(updated 10-26-2016) Fosters Four Seasons
(501-868-9061) said bream are good around brush piles using worms and crickets. Crappie are good on minnows and jigs. Bass fishing is good on spinnerbaits and jigs. Catfishing is good using nightcrawlers, spinnerbaits, dough bait and chicken liver. No white bass reports. Fosters has all anglers’ needs in the way of bait and food, and also sells non-ethanol gas.
(updated 10-19-2016) Hatchet Jack's (501-758-4958) said crappie fishing is fair, with crappie in 14-20 feet of water. Use small crappie minnows for bait. Bass are fair around the main lake points on spinnerbaits, Sinkos and jerkbaits. Reports on catfish were fair, with shad, slicks and skipjack working best. Nothing on bream or white bass.
(updated 10-12-2016) Jolly Roger’s Marina
reported the cool weather has changed from fishing deep to shallow water, and fishing is really good! Black bass are excellent. They are biting on wacky rig worms and spinnerbaits both early in the morning and late in the day. Blacks can be caught in 3-10 feet. The cooler weather has activated the bass. Would be trying shallow lures and spinnerbaits. Kentucky bass are excellent and are being caught on crankbaits and jigs. They can be found in 4-9 feet of water. They are mixed in with the black bass. White bass fishing is excellent. Use Rooster Tails, CC Spoons or deep-diving Bandits and Bombers. They are all over the lake. They are being caught schooling in the Main Lake on CC Spoons, white jigs and Rooster Tails. Crappie fishing has been good. Rain recently has improved the crappie fishing. They are being caught on minnows and jigs. Crappie are 20 feet deep; try the edges of the channels and on the old road beds. Lots of 6-9-inch crappie being caught, so it should be great winter fishing. Bream are good and can be found at 15 feet on the bottom. They are being caught on crickets and live worms. Catfishing is good and they are being caught in 15-20 feet of water on stink bait, small bream and chicken livers.
(updated 10-26-2016) Lisa’s Bait Shop
(501-778-6944) said catfish doing fair on chicken livers and bait shrimp. Crappie have been slow; use pink minnows. A few bass have been caught on topwater baits like the Scum Frogs. Bream are fair on crickets and redworms.
(updated 10-26-2016) Lisa’s Bait Shop
(501-778-6944) said catfishing has been slow, with most trying nightcrawlers. Bream are fair on crickets. Kentucky bass are being caught on bass minnows and brooder minnows, but the fish have been small. No reports of crappie. And a few white bass been caught, which shouldn't even be in the Saline!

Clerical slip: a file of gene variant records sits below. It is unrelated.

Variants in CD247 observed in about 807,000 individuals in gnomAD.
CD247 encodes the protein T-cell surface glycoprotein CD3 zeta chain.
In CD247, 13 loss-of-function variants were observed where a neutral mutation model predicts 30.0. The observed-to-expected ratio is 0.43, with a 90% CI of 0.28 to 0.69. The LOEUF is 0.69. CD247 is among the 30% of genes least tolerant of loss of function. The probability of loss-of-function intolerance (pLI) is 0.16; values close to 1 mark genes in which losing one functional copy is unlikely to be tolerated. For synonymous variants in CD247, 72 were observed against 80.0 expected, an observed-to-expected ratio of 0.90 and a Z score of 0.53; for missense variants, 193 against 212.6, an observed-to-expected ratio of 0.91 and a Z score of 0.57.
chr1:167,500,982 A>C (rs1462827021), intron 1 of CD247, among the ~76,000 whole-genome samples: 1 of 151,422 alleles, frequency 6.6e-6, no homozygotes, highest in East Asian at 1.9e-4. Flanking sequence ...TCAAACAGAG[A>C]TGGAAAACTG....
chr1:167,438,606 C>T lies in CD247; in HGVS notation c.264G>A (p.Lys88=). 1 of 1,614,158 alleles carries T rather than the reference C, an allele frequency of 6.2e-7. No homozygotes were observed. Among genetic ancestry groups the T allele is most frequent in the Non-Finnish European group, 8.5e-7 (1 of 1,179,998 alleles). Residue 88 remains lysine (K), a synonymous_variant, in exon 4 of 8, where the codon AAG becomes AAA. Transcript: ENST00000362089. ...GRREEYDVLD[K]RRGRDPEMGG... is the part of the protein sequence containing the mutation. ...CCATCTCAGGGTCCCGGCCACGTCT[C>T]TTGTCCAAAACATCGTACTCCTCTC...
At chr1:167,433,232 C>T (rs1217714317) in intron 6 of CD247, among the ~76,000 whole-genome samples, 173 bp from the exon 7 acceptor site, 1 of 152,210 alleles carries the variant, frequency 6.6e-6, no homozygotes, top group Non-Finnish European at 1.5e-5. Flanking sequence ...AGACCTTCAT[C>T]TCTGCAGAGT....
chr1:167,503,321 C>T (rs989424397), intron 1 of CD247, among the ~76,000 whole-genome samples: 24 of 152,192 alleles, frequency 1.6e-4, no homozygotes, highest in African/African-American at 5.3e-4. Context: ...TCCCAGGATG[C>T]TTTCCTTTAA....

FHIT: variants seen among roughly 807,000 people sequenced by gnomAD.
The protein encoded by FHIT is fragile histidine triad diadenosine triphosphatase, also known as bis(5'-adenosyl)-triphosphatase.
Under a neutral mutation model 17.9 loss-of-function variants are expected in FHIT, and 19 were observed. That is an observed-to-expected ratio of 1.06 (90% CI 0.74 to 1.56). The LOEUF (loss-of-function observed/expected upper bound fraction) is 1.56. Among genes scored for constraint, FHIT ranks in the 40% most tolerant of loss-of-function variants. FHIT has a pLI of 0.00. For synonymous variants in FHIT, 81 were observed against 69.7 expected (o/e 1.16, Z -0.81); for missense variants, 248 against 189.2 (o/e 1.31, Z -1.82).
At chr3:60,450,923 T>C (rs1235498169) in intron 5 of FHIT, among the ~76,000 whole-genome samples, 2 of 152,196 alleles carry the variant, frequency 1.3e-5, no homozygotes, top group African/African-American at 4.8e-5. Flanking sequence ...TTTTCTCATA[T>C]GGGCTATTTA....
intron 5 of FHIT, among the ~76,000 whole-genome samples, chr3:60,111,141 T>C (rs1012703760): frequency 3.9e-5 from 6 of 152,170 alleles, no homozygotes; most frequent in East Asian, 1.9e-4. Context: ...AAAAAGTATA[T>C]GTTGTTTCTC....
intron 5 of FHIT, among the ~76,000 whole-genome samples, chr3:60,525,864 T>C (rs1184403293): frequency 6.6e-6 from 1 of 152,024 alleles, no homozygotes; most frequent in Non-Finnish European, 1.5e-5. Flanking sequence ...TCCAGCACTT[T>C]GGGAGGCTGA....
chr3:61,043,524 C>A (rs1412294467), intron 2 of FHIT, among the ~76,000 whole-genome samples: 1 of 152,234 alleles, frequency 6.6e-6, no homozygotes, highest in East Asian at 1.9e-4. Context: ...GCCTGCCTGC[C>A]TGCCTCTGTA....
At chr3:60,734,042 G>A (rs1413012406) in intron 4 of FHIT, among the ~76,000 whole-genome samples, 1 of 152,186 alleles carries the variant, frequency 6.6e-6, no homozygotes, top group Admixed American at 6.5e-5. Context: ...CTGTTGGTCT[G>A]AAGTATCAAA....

(updated 10-26-2016) Lisa’s Bait Shop (501-778-6944) said a few crappie have been reported being caught on size 6 crappie minnows. Bream are fair on crickets. Catfish are being caught on nightcrawlers and bass minnows. Bass are baiting plastic worms.
(updated 10-26-2016) Lisa’s Bait Shop
(501-778-6944) said Lake Winona has been probably the hottest spot as far as crappie go. Some are using bass minnows; others are using size 6 crappie minnows around brush tops. Nothing else has been reported from Winona.
(updated 10-26-2016) Charlie’s Hidden Harbor at Oppelo (501-354-8080) said few people have been fishing. The AGFC put in 25,000 fingerling bass in the pool recently. The northern largemouth seem to like and adapt to the river 10 times better than the Florida bass do, Charley said. The U.S. Fish and Wildlife Service may have found a species that has not been in this part of the river, it looks like a midget shrimp. Black bass are in the backwaters feeding on shad in 3-6 feet of water. A short floating worm in the shadows seems to work best to bring them in. White bass are around the cuts in the riverbank where you have shad. They’re being caught on small crankbaits in Fire Tiger color. Catfish are feeding on shad on the backside of jetties; use white shad to bring them in. A few stripers are being caught on jetty tips on the downriver side. Use live bait, either bass minnows or shad.
(updated 10-26-2016) Professional angler and guide Cody Kelley had no report.
(updated 10-19-2016) River Valley Marina
(501-517-1250) said the water is clear and the current and level are normal. Bream are fair on worms and crickets. Crappie appear to be picking up and reports were good using minnows. Bass fishing is food on crankbaits. Catfish are biting well on worms, chicken livers and shad.
(updated 10-26-2016) Vince Miller at Fish ’N Stuff (501-834-5733) said there has been very little to no fishing in his area due to the construction of the Broadway Bridge.
(updated 10-26-2016) McSwain Sports Center (501-945-2471) said water around Clear Lake is clear and at a normal level, and the fishing is fair for all except catfish, with those reports being poor. Bream are fair on worms and crickets. Crappie are fair on minnows and jigs. Bass are going after spinnerbaits and crankbaits. Bass seem to pick up around the Terry Lock and Dam, around the jetties, rating good. Crappie are fair in the back edges near the dam. Catfishing near the dam is good on cut bait or shad. Water near the dam is murky and at a normal level and current.
(updated 10-26-2016) Zimmerman’s Exxon (501-944-2527) reported water is at a normal level and the surface temperature is in the low 80s. Crappie are suspended at about 8-10 feet around rocks and jetties. Use minnows or try jigs in black or chartreuse colors. Bass are good, particularly off the rocks. The fish are about 4-5 feet deep. Soft plastic worms and Brush Hogs in red bug color are working best. Catfishing reports were fair. Catfish are below the Terry Dam and biting cut chad. Bream fishing is poor now.
Hatchet Jack’s (501-758-4948) said crappie fishing is good around the Murray Lock and Dam using white or chartreuse jigs. Catfish are biting well on skipjack and slicks. White bass fishing is good; try a red and chartreuse jig. No reports from that area on bream or bass.
(updated 10-26-2016) Herman’s Landing (870-241-3731) said this is the last week the landing will be open until next Feb. 6. The past week was slow, with poor reports of bream, crappie and bass. Catfishing remains good on blood bait.